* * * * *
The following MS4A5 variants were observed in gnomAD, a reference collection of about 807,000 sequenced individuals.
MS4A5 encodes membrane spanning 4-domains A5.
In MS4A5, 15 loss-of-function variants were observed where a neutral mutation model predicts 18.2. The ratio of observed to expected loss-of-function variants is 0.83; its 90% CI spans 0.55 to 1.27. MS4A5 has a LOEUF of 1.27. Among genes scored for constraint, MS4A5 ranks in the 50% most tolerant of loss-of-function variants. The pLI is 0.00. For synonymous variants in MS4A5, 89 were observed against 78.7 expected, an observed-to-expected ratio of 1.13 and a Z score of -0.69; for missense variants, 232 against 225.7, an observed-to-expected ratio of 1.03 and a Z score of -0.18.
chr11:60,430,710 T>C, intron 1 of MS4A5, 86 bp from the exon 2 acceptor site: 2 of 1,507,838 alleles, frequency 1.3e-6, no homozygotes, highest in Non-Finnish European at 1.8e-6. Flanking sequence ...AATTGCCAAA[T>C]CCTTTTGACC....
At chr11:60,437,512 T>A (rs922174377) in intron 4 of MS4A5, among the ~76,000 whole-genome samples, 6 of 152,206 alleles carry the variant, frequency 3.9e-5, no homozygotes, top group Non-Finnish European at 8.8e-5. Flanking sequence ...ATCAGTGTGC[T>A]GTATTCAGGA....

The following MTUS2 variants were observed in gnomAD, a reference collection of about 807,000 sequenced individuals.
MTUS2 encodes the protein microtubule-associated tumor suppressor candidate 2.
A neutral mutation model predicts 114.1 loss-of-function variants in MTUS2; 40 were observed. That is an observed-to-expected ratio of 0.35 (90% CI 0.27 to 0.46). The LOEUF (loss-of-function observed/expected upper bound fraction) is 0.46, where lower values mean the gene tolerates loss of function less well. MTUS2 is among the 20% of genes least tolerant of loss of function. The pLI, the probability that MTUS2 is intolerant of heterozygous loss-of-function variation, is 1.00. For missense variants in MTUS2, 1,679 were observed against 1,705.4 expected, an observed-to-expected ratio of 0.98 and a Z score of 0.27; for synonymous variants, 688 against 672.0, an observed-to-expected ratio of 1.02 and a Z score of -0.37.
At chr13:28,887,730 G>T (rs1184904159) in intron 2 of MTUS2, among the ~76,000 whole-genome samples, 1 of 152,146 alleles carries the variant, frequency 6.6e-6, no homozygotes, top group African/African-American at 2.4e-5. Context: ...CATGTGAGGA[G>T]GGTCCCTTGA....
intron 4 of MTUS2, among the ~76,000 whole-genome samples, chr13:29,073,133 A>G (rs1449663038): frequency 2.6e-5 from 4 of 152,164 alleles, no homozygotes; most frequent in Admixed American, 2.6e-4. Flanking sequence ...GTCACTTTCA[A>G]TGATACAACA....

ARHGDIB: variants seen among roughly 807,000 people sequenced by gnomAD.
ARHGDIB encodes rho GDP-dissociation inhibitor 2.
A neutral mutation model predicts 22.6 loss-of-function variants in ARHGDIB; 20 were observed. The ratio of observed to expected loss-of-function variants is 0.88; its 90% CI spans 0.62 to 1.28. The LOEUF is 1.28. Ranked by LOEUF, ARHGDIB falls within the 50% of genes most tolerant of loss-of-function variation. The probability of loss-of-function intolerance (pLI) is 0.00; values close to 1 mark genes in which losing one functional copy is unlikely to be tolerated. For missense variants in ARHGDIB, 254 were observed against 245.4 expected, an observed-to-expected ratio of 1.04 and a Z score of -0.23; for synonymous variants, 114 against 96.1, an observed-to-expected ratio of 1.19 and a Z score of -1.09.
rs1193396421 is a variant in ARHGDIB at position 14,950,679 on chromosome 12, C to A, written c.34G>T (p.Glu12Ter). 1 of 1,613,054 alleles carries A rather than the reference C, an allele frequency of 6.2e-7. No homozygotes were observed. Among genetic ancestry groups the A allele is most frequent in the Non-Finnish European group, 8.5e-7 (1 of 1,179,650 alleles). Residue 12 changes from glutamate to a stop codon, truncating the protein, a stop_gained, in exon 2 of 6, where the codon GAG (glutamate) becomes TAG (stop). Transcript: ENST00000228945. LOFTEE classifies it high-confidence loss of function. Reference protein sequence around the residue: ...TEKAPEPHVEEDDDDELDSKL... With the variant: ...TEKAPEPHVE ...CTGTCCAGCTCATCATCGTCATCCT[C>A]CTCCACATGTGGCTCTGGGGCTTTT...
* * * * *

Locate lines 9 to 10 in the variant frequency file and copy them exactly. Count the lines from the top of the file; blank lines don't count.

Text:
At chr13:28,887,730 G>T (rs1184904159) in intron 2 of MTUS2, among the ~76,000 whole-genome samples, 1 of 152,146 alleles carries the variant, frequency 6.6e-6, no homozygotes, top group African/African-American at 2.4e-5. Context: ...CATGTGAGGA[G>T]GGTCCCTTGA....
intron 4 of MTUS2, among the ~76,000 whole-genome samples, chr13:29,073,133 A>G (rs1449663038): frequency 2.6e-5 from 4 of 152,164 alleles, no homozygotes; most frequent in Admixed American, 2.6e-4. Flanking sequence ...GTCACTTTCA[A>G]TGATACAACA....